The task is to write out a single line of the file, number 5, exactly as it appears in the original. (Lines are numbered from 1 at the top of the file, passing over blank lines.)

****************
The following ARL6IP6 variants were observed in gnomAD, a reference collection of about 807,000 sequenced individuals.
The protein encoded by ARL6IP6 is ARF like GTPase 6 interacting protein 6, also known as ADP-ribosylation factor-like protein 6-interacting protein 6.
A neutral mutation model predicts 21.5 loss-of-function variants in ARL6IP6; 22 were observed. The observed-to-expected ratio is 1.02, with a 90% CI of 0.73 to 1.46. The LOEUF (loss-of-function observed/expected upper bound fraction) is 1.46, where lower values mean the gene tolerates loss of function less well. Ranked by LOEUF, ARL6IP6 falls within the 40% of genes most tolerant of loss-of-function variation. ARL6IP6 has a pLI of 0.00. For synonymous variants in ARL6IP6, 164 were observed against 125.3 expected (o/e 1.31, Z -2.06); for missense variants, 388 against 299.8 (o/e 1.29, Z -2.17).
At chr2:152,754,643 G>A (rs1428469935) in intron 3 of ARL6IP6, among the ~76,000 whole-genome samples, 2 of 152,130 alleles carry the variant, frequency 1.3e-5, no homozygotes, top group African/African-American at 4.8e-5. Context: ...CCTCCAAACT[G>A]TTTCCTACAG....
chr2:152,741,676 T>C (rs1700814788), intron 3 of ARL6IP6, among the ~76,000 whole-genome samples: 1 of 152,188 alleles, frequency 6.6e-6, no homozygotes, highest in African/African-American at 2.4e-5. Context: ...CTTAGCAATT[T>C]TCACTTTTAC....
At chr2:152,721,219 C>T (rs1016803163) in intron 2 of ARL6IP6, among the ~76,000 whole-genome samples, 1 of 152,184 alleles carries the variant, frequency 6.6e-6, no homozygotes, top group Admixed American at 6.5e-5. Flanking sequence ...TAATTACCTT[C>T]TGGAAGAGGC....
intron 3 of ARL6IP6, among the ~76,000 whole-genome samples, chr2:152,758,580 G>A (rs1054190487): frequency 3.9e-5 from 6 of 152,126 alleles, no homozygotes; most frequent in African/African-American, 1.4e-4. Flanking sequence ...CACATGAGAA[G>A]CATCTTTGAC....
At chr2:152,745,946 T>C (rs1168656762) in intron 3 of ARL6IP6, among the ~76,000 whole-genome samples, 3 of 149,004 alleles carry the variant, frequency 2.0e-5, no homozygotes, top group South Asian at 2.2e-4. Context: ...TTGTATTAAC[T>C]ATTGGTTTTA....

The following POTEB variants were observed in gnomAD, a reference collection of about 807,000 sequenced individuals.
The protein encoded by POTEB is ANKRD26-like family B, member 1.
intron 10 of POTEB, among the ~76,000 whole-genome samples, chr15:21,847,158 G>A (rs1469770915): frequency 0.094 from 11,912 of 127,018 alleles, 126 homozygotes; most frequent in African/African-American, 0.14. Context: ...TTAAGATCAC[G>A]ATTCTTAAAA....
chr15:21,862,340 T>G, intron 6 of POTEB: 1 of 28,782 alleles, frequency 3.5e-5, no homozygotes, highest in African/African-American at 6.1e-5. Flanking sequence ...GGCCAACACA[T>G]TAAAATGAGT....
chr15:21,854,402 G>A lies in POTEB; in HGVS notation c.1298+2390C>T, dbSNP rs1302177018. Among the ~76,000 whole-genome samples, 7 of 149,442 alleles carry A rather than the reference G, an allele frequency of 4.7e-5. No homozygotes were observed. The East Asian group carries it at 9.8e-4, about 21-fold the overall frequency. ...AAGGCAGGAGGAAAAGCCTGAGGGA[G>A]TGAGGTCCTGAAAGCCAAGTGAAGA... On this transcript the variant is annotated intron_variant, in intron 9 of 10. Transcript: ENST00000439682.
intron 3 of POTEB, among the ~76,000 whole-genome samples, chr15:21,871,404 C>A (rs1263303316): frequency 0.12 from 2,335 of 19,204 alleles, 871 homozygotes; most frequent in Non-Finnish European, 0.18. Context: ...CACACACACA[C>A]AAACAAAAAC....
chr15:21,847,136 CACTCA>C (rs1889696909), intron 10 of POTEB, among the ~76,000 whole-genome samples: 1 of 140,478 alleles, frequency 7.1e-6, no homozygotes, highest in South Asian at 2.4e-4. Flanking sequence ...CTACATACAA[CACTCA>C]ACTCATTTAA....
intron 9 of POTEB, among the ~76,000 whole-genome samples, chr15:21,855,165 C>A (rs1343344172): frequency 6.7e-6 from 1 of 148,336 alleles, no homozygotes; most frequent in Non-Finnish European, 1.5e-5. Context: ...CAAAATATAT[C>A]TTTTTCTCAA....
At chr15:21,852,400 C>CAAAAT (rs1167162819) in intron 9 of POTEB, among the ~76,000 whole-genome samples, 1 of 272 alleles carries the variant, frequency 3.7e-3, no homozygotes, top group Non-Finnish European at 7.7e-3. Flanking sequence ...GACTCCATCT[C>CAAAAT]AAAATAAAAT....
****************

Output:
chr2:152,741,676 T>C (rs1700814788), intron 3 of ARL6IP6, among the ~76,000 whole-genome samples: 1 of 152,188 alleles, frequency 6.6e-6, no homozygotes, highest in African/African-American at 2.4e-5. Context: ...CTTAGCAATT[T>C]TCACTTTTAC....